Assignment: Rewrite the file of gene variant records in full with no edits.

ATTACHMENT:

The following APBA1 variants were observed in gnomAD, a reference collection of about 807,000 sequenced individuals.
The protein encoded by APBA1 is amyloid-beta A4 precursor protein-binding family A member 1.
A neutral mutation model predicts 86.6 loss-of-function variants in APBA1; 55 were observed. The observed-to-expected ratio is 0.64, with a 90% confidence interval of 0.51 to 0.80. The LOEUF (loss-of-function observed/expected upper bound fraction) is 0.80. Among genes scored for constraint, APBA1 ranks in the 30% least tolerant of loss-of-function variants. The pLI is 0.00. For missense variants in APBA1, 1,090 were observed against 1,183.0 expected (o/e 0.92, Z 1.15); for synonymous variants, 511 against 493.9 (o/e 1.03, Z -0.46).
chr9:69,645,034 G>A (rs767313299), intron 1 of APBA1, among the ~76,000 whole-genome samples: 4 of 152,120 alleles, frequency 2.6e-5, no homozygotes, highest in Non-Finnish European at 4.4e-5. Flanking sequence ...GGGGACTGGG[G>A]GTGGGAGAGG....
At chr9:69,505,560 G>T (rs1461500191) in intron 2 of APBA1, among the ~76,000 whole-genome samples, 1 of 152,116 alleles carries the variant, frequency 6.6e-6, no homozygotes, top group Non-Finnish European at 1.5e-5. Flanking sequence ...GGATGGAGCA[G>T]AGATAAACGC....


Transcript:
The following APBA1 variants were observed in gnomAD, a reference collection of about 807,000 sequenced individuals.
The protein encoded by APBA1 is amyloid-beta A4 precursor protein-binding family A member 1.
A neutral mutation model predicts 86.6 loss-of-function variants in APBA1; 55 were observed. The observed-to-expected ratio is 0.64, with a 90% confidence interval of 0.51 to 0.80. The LOEUF (loss-of-function observed/expected upper bound fraction) is 0.80. Among genes scored for constraint, APBA1 ranks in the 30% least tolerant of loss-of-function variants. The pLI is 0.00. For missense variants in APBA1, 1,090 were observed against 1,183.0 expected (o/e 0.92, Z 1.15); for synonymous variants, 511 against 493.9 (o/e 1.03, Z -0.46).
chr9:69,645,034 G>A (rs767313299), intron 1 of APBA1, among the ~76,000 whole-genome samples: 4 of 152,120 alleles, frequency 2.6e-5, no homozygotes, highest in Non-Finnish European at 4.4e-5. Flanking sequence ...GGGGACTGGG[G>A]GTGGGAGAGG....
At chr9:69,505,560 G>T (rs1461500191) in intron 2 of APBA1, among the ~76,000 whole-genome samples, 1 of 152,116 alleles carries the variant, frequency 6.6e-6, no homozygotes, top group Non-Finnish European at 1.5e-5. Flanking sequence ...GGATGGAGCA[G>T]AGATAAACGC....